Over the years I have landed at New York’s LaGuardia Airport knowing that the island just off and below the tip of the right wing was Rikers, the city’s largest jail, isolated in the East River within sight of the Manhattan skyline and separated from the borough of Queens by a single bridge. Looking across at the stark jumble of buildings, I had often thought of Alcatraz, on the other side of the continent: penal colonies framing America’s gateways.
Alcatraz, however, has long been closed and is now a favorite tourist destination. Rikers remains chock full of detainees awaiting their day in court or, once convicted, a bus trip to an upstate prison. From time to time reports of abuse and cruelty against detainees, or of violent confrontations between them and their guards, or brawls among gangs—aroused curiosity among the “mainland” public, but rarely for very long.
Then, in recent years, the trickle of reports became a torrent. Some brilliant journalism coupled with growing awareness and outrage by local activists, including the advocacy group #CloseRikers, prompted attention from the city’s independent commission, a federal investigation and intimations of reform. But reports persist of terrible things happening there. As I have followed the news, some research revealed that television had given no extended attention to what was happening on Rikers and that video could add an important dimension to the coverage by giving the public a chance to hear directly from the inmates themselves, face to face.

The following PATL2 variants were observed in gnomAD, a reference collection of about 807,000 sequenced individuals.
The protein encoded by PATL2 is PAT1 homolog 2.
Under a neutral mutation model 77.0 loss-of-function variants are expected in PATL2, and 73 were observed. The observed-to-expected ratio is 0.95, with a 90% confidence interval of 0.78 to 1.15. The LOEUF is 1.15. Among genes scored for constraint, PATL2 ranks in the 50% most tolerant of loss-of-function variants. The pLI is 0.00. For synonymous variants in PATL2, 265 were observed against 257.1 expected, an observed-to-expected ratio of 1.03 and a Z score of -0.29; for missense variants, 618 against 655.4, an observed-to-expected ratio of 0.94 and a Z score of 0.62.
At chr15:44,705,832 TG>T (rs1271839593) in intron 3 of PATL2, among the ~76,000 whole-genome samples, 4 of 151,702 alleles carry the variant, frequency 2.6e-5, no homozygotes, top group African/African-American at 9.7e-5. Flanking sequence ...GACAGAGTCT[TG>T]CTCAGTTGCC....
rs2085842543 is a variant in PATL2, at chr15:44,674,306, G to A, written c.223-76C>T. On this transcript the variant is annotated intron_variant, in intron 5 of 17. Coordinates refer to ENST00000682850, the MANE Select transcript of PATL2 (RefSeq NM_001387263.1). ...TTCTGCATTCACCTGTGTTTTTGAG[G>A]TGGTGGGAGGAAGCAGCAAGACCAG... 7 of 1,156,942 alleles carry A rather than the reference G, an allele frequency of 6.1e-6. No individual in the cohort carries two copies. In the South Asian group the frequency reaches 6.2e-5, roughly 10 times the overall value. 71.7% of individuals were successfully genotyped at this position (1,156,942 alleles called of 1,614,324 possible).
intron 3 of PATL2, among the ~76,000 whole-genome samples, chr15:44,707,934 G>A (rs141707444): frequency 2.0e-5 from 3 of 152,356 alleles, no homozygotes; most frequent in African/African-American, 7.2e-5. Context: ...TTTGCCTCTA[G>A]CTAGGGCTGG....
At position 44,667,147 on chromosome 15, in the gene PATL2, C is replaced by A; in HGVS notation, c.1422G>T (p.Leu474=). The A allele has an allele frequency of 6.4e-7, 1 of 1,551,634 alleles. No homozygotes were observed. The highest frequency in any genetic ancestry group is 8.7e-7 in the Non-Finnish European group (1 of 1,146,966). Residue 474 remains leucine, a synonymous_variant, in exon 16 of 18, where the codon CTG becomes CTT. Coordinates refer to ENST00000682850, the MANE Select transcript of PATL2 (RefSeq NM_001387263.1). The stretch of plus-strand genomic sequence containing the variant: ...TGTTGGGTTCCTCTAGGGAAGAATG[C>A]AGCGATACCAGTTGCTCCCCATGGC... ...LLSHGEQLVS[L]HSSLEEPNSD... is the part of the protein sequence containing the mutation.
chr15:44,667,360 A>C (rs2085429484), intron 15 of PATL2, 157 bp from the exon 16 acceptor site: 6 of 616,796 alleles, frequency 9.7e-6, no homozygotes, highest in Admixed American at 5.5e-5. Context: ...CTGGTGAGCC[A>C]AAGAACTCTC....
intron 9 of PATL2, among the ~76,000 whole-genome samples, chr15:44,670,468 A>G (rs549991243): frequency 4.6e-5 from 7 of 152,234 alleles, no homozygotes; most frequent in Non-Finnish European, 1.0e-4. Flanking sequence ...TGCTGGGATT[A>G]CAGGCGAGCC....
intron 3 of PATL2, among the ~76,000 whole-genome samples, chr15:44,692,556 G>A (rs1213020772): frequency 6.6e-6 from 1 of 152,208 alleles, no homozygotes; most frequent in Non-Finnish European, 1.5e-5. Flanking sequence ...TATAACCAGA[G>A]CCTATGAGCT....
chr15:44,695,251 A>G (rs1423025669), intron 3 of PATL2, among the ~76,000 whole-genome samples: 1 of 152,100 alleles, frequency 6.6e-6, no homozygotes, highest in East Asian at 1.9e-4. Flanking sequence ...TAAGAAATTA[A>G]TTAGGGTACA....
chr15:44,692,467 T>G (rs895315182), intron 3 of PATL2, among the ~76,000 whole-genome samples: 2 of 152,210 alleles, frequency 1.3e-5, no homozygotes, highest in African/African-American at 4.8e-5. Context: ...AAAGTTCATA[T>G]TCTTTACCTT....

Along with my producing collaborator Judy Doctoroff at Public Square Media, I reached out to some longtime colleagues—the independent and oft-awarded filmmakers Marc Levin and Mark Benjamin at Brick City TV, joined by producer Rolake Bamgbose—who were soon at work, identifying scores of former detainees and interviewing many of them on camera for hours. The result is a vivid arc of life on Rikers as told by the people who experienced it—from the trauma of entry, the conflicts with other inmates and corrections officers, the stabbings and beatings, and the torture of solitary confinement to the psychological challenges of returning to the outside world.
The stories of Rikers Island Jail are far too common in jails across America, where similar violence, abuse and corruption makes local headlines and the same issues that stand in the way of swift and appropriate justice turn jails into warehouses that detain the guilty and the innocent without distinction.
This documentary originally premiered on Thirteen/WNET in New York City in November, 2016. Renamed RIKERS: AN AMERICAN JAIL, it premiered on PBS stations across the country in May, 2017. Currently the film is the centerpiece for screening and discussion events across the county and our hope is that through these stories people will come to understand the depth and breadth of our mass incarceration crisis and the urgency of finding solutions that better serve us all.